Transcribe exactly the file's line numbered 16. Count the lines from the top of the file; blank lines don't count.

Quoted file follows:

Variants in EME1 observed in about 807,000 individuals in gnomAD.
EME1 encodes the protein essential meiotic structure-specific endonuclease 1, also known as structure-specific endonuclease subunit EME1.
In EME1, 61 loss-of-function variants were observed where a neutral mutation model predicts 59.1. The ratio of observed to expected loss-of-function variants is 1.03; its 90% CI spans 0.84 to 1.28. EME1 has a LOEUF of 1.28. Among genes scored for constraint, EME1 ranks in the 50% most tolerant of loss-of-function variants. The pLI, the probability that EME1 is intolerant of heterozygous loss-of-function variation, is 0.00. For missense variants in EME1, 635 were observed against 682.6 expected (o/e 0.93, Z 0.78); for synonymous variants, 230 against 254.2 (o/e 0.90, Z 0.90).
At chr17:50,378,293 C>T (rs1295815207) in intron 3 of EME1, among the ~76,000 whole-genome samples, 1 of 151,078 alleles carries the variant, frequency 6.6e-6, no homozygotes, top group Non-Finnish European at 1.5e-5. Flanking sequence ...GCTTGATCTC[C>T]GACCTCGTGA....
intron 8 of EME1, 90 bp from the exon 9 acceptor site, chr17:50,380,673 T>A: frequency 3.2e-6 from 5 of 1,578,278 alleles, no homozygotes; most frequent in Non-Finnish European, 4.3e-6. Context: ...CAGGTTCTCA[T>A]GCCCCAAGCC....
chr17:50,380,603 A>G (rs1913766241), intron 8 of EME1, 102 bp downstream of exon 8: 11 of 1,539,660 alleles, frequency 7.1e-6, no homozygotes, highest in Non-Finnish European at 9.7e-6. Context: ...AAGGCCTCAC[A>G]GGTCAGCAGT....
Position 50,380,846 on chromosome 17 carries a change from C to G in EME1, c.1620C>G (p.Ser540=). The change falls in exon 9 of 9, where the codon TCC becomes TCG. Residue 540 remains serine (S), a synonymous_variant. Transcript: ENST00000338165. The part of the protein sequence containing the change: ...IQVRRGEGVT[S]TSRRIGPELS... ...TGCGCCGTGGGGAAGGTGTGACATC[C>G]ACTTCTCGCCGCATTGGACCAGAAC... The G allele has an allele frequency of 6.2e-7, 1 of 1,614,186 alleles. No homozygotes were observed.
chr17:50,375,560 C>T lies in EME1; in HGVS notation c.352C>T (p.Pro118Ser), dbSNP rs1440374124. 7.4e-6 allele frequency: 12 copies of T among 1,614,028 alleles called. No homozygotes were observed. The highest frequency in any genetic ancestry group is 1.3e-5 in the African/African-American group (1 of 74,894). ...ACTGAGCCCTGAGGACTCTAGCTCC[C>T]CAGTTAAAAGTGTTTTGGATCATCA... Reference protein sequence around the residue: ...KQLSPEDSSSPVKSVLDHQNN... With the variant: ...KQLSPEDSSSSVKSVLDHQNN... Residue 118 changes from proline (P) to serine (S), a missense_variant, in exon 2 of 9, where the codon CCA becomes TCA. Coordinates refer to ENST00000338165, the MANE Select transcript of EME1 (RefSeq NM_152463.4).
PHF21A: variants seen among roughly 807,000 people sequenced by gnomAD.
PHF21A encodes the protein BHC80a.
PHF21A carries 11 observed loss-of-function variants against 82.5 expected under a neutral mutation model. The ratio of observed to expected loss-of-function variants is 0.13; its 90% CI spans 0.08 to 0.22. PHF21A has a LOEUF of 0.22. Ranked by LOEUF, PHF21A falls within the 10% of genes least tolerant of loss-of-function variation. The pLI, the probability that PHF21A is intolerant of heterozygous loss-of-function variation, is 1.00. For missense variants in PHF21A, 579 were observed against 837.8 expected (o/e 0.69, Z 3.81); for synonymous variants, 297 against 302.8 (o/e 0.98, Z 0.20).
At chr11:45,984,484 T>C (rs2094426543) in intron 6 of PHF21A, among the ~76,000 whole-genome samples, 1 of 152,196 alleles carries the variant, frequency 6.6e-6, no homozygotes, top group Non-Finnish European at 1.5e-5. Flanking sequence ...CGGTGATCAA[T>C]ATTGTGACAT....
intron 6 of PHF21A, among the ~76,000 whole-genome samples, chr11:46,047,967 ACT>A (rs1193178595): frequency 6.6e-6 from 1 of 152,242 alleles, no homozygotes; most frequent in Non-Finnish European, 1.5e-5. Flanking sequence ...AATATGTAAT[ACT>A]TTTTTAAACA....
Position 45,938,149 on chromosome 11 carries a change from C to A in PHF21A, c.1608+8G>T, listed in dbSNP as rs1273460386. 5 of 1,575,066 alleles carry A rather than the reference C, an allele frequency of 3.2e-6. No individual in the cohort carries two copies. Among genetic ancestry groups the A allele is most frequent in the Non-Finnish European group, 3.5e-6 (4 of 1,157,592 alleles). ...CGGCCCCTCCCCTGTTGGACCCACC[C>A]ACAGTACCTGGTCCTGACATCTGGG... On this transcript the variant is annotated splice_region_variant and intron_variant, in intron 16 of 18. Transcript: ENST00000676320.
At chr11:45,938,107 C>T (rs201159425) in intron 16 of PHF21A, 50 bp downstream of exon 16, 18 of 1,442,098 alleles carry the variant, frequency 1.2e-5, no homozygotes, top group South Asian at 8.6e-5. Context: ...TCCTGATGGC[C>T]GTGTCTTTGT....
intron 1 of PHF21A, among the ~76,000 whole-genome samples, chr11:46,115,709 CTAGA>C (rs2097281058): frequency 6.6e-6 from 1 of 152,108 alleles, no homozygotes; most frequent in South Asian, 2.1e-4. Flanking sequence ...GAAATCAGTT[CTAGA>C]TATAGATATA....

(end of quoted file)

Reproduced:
intron 1 of PHF21A, among the ~76,000 whole-genome samples, chr11:46,115,709 CTAGA>C (rs2097281058): frequency 6.6e-6 from 1 of 152,108 alleles, no homozygotes; most frequent in South Asian, 2.1e-4. Flanking sequence ...GAAATCAGTT[CTAGA>C]TATAGATATA....